An ancient earthquake changed the course of the Ganges River

Flooding due to a similar quake today could threaten 170 million people in India and Bangladesh

Three people on a boat look at the Ganges River with mountains in the background

A previously unknown earthquake about 2,500 years ago changed the course of the Ganges River near where it meets the sea, a new study suggests.

Steven Goodbred/Vanderbilt University

India’s Ganges River shifted abruptly due to a distant yet massive earthquake around 2,500 years ago, new geologic evidence suggests.

Such changes have been observed in other rivers in recent times but only far upstream. This ancient Ganges shift occurred in the delta, about 200 kilometers from where the river empties into the Bay of Bengal. Flooding from similar shifts of other rivers today could threaten hundreds of millions of people who live in the modern cities built on river deltas worldwide.

As rivers chew their way across the landscape, they naturally wander — especially in their relatively flat deltas, where sediments can pile up and divert the river one way or another (SN: 4/1/14). Course changes can unfold gradually over time spans ranging from years to centuries, says Elizabeth Chamberlain, a geophysicist at Wageningen University & Research in the Netherlands. But channel-jumping triggered by an earthquake can occur in weeks or days, she says.

After a river channel shifts, the old waterway can gradually fill in with sediment. Still, evidence of the old channel typically remains, Chamberlain says. While looking at satellite images of the Ganges Delta, she and her colleagues spotted a slight depression that formed a crescent shape about 45 kilometers from the current Ganges. That depression measured up to nearly 2 kilometers wide and stretched for dozens of kilometers. At one time, that had probably been a main channel of the Ganges, the team thought.

While doing fieldwork nearby in 2018, the team decided to check out the depression in person, including taking samples for dating. Then, good luck struck.

While driving home, the researchers stumbled upon an open pit; someone had excavated the dirt for a pond they planned to fill in with water the very next day. In one flank of the pit, the researchers spotted distinctive, largely vertical bands of light-colored sand embedded within the darker horizontal layers of mud — a type of deposit known as seismites.

A group of people stand atop a steep slope of dirt that has a light colored strip running down it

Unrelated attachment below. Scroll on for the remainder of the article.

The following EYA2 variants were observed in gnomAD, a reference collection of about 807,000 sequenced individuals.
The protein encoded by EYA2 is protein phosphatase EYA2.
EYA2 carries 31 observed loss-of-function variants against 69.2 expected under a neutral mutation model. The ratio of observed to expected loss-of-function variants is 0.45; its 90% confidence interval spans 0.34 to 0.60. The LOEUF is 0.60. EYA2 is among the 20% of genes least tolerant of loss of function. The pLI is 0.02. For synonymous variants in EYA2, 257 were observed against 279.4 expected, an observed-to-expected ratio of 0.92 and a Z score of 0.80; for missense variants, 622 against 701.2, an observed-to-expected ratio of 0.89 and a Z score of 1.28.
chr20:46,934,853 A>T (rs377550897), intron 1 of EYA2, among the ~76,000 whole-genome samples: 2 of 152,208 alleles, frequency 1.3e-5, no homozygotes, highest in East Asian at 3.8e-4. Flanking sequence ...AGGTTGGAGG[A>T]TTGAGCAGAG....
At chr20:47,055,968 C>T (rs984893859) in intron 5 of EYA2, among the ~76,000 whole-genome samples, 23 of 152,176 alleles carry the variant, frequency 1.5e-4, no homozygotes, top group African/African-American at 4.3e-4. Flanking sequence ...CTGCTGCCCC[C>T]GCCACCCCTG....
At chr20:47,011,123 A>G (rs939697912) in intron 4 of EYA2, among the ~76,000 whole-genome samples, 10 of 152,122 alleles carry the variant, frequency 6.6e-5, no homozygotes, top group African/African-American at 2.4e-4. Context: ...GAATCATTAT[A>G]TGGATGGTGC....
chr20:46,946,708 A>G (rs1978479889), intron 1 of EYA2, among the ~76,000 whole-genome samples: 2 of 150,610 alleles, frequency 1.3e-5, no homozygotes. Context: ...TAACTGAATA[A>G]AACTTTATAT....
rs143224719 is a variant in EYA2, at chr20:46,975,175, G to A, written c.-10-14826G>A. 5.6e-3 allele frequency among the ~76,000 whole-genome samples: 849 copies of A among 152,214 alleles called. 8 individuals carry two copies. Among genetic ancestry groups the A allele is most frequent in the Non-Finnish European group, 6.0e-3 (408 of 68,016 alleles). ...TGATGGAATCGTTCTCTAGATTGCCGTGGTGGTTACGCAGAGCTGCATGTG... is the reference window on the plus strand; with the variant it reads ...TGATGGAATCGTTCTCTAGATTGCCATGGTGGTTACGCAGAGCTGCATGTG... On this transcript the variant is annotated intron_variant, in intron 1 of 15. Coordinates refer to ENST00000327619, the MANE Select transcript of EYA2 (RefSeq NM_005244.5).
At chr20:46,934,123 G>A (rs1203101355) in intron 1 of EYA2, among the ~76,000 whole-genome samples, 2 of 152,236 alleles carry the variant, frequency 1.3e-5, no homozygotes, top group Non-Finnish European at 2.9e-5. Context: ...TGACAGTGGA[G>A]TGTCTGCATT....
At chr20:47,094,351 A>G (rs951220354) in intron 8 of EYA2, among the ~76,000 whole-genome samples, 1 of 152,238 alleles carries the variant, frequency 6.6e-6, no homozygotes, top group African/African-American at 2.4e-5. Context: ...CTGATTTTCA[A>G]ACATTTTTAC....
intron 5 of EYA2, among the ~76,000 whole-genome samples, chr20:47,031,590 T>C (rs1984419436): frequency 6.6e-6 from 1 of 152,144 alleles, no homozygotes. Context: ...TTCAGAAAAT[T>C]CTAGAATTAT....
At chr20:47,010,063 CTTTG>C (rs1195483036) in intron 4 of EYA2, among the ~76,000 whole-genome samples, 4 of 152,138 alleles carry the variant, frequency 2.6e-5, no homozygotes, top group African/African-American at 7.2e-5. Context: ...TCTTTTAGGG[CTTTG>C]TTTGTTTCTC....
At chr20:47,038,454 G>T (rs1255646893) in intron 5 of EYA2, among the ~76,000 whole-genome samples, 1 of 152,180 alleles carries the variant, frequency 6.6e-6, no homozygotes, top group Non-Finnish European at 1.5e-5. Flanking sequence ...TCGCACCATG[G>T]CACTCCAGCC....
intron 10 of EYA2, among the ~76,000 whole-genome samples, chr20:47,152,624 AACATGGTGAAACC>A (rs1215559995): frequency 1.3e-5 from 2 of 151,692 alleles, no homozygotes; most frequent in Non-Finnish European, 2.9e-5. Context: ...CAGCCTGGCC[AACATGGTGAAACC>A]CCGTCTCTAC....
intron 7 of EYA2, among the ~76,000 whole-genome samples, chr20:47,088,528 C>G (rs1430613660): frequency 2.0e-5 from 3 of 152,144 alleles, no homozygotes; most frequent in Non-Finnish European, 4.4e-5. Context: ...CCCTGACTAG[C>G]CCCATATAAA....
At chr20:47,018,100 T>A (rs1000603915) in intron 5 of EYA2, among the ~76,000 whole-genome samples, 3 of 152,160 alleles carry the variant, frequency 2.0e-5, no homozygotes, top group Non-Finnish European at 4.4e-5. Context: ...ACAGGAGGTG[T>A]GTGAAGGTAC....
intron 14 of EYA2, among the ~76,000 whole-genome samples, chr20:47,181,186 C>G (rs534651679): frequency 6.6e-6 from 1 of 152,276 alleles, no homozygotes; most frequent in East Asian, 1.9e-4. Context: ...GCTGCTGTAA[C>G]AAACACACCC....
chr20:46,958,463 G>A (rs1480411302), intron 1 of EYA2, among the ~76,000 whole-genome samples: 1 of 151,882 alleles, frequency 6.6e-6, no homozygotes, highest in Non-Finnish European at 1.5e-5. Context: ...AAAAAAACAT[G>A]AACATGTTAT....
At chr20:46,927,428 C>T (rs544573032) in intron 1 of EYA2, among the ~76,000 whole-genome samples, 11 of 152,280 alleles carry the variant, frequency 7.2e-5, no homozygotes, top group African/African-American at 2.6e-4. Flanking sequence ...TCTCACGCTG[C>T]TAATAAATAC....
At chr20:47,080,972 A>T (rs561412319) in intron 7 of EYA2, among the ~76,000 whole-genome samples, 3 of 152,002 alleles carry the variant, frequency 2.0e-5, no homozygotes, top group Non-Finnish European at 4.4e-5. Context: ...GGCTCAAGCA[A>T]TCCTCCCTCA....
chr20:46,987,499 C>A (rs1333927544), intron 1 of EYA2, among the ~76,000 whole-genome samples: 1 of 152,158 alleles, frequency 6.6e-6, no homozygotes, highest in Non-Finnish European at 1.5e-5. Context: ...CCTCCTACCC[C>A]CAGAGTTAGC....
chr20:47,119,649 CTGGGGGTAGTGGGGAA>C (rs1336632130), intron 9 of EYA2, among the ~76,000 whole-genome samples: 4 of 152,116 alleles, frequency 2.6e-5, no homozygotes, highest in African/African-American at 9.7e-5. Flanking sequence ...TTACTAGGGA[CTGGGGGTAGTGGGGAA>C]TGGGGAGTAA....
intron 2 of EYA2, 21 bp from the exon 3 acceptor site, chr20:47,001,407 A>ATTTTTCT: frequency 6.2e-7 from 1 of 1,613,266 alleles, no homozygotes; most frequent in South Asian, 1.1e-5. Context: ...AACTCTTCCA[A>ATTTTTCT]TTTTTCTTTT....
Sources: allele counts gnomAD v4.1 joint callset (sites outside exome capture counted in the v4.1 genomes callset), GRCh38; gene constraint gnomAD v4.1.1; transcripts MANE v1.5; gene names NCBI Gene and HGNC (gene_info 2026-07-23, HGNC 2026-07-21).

The light-colored, 40-centimeter-wide strip of sand shown here probably formed when an earthquake forced a layer of watery sand to erupt through overlying layers of mud.E. Chamberlain/University of Wageningen

These features are, in essence, the frozen-in-time remnants of ancient sand volcanoes that formed when seismic waves from a distant earthquake pressurized a subterranean layer of watery sand. That pressurized slurry bursts upward through overlying layers of silty mud.

Sometimes referred to as “sand blows,” these features are very difficult to explain but for an earthquake, says John Shaw, a sedimentologist at the University of Arkansas in Fayetteville who was not involved in the new study. “They just don’t happen for no reason.”

Based on the width of the sand blows, the depth of the overlying sediments and the distance to the nearest major fault zone (more than 180 kilometers), the quake that formed the seismites probably ranged between magnitude 7 and magnitude 8, Chamberlain and her colleagues report June 17 in Nature Communications.

Analyses of sand grains in the seismites suggest that the temblor must have occurred about 2,500 years ago, though there are no written records of this ancient quake, Chamberlain says. Because the lowest-level — and thus the oldest — muds that accumulated in the channel were deposited at the same time the seismites formed, the team linked the quake to the change in the river’s path.

Flooding from a river shift caused by a similar quake today could threaten up to 170 million people — a number equal to about half the population of the United States — who live in an Illinois-sized area of India and Bangladesh, Chamberlain says. In this delta region, much of the infrastructure is built on mounds of sediments dredged from rivers and piled up to provide some elevation above the nearby floodplains, which makes it exceptionally vulnerable if and when another round of shaking occurs.

Such a risk only adds to threats of flooded deltas that come with rising sea levels due to climate change (SN: 3/10/22). It’s a big concern, Shaw says: “How do you anticipate and prepare for events that you haven’t experienced?”

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